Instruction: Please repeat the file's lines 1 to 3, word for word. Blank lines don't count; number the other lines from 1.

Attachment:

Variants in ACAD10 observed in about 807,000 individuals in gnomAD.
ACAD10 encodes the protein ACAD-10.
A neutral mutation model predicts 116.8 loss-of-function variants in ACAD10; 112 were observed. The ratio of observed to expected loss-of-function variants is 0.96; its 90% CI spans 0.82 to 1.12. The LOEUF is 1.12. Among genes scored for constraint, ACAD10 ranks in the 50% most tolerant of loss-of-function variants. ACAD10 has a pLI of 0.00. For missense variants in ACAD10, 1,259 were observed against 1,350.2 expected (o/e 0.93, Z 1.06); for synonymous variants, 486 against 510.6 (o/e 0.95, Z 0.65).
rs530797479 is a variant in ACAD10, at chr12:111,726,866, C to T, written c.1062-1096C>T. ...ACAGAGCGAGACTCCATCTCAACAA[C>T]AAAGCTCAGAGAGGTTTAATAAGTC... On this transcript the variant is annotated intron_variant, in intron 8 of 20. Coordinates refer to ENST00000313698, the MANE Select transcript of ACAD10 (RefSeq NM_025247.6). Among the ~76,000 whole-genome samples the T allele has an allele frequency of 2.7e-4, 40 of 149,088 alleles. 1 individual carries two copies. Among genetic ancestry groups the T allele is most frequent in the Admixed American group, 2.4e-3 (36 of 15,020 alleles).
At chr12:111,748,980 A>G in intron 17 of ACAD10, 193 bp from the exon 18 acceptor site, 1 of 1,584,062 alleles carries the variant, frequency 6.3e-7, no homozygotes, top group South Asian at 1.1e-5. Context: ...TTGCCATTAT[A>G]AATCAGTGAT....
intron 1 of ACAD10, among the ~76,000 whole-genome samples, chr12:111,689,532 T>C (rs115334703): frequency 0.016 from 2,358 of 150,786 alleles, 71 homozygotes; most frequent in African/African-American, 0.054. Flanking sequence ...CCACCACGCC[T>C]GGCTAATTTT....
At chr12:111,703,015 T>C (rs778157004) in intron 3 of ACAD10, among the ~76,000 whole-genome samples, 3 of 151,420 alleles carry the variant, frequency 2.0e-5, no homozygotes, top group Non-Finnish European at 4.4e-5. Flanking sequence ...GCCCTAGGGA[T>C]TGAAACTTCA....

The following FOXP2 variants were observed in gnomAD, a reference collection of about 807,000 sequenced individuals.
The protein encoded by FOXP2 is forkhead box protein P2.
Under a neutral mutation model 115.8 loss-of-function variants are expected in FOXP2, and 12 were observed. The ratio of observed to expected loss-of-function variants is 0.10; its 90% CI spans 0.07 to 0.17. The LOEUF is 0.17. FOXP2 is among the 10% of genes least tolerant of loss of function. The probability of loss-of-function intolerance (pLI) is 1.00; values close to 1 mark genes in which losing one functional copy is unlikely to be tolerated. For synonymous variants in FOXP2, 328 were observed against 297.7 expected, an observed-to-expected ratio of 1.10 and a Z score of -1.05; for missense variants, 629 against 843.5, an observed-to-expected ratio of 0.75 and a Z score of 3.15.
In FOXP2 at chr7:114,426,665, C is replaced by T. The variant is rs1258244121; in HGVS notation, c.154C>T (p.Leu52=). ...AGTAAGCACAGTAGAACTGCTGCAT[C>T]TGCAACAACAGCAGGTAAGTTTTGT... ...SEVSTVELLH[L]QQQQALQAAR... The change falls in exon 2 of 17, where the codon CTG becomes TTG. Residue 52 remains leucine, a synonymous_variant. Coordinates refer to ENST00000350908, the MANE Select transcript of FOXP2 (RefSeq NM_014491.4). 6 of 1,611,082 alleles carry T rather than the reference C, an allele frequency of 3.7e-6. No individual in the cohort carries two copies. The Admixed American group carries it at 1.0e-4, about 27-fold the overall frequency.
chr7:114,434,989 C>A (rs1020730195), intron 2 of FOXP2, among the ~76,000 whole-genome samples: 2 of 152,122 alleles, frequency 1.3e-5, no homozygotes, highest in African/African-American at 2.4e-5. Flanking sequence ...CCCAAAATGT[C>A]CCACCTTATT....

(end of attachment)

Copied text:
Variants in ACAD10 observed in about 807,000 individuals in gnomAD.
ACAD10 encodes the protein ACAD-10.
A neutral mutation model predicts 116.8 loss-of-function variants in ACAD10; 112 were observed. The ratio of observed to expected loss-of-function variants is 0.96; its 90% CI spans 0.82 to 1.12. The LOEUF is 1.12. Among genes scored for constraint, ACAD10 ranks in the 50% most tolerant of loss-of-function variants. ACAD10 has a pLI of 0.00. For missense variants in ACAD10, 1,259 were observed against 1,350.2 expected (o/e 0.93, Z 1.06); for synonymous variants, 486 against 510.6 (o/e 0.95, Z 0.65).